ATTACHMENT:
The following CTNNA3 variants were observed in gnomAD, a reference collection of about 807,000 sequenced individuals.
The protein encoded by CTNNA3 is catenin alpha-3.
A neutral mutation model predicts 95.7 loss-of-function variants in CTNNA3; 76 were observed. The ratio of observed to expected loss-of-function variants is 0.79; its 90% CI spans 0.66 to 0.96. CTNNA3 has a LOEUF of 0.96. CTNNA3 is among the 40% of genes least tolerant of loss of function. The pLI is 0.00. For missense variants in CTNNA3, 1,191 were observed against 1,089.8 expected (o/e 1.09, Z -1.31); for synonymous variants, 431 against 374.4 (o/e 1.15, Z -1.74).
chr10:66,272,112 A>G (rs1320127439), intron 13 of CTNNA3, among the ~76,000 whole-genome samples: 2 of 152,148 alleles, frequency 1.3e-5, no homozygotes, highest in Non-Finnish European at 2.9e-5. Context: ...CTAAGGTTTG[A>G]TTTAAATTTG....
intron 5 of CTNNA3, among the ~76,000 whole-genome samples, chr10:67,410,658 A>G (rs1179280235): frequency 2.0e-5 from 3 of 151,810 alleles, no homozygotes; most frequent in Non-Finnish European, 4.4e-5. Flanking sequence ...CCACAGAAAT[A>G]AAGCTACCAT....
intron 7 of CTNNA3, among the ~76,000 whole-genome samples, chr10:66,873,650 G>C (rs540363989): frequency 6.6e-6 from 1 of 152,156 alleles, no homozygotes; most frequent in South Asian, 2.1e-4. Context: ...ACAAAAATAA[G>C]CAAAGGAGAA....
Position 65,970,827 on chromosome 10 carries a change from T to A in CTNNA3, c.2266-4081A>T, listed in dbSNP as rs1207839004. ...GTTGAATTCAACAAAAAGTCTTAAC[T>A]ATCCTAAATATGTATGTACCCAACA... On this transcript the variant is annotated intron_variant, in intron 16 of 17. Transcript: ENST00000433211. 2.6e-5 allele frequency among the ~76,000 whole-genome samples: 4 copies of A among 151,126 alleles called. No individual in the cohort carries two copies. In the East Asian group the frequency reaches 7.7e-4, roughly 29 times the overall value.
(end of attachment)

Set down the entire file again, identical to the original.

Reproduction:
The following CTNNA3 variants were observed in gnomAD, a reference collection of about 807,000 sequenced individuals.
The protein encoded by CTNNA3 is catenin alpha-3.
A neutral mutation model predicts 95.7 loss-of-function variants in CTNNA3; 76 were observed. The ratio of observed to expected loss-of-function variants is 0.79; its 90% CI spans 0.66 to 0.96. CTNNA3 has a LOEUF of 0.96. CTNNA3 is among the 40% of genes least tolerant of loss of function. The pLI is 0.00. For missense variants in CTNNA3, 1,191 were observed against 1,089.8 expected (o/e 1.09, Z -1.31); for synonymous variants, 431 against 374.4 (o/e 1.15, Z -1.74).
chr10:66,272,112 A>G (rs1320127439), intron 13 of CTNNA3, among the ~76,000 whole-genome samples: 2 of 152,148 alleles, frequency 1.3e-5, no homozygotes, highest in Non-Finnish European at 2.9e-5. Context: ...CTAAGGTTTG[A>G]TTTAAATTTG....
intron 5 of CTNNA3, among the ~76,000 whole-genome samples, chr10:67,410,658 A>G (rs1179280235): frequency 2.0e-5 from 3 of 151,810 alleles, no homozygotes; most frequent in Non-Finnish European, 4.4e-5. Flanking sequence ...CCACAGAAAT[A>G]AAGCTACCAT....
intron 7 of CTNNA3, among the ~76,000 whole-genome samples, chr10:66,873,650 G>C (rs540363989): frequency 6.6e-6 from 1 of 152,156 alleles, no homozygotes; most frequent in South Asian, 2.1e-4. Context: ...ACAAAAATAA[G>C]CAAAGGAGAA....
Position 65,970,827 on chromosome 10 carries a change from T to A in CTNNA3, c.2266-4081A>T, listed in dbSNP as rs1207839004. ...GTTGAATTCAACAAAAAGTCTTAAC[T>A]ATCCTAAATATGTATGTACCCAACA... On this transcript the variant is annotated intron_variant, in intron 16 of 17. Transcript: ENST00000433211. 2.6e-5 allele frequency among the ~76,000 whole-genome samples: 4 copies of A among 151,126 alleles called. No individual in the cohort carries two copies. In the East Asian group the frequency reaches 7.7e-4, roughly 29 times the overall value.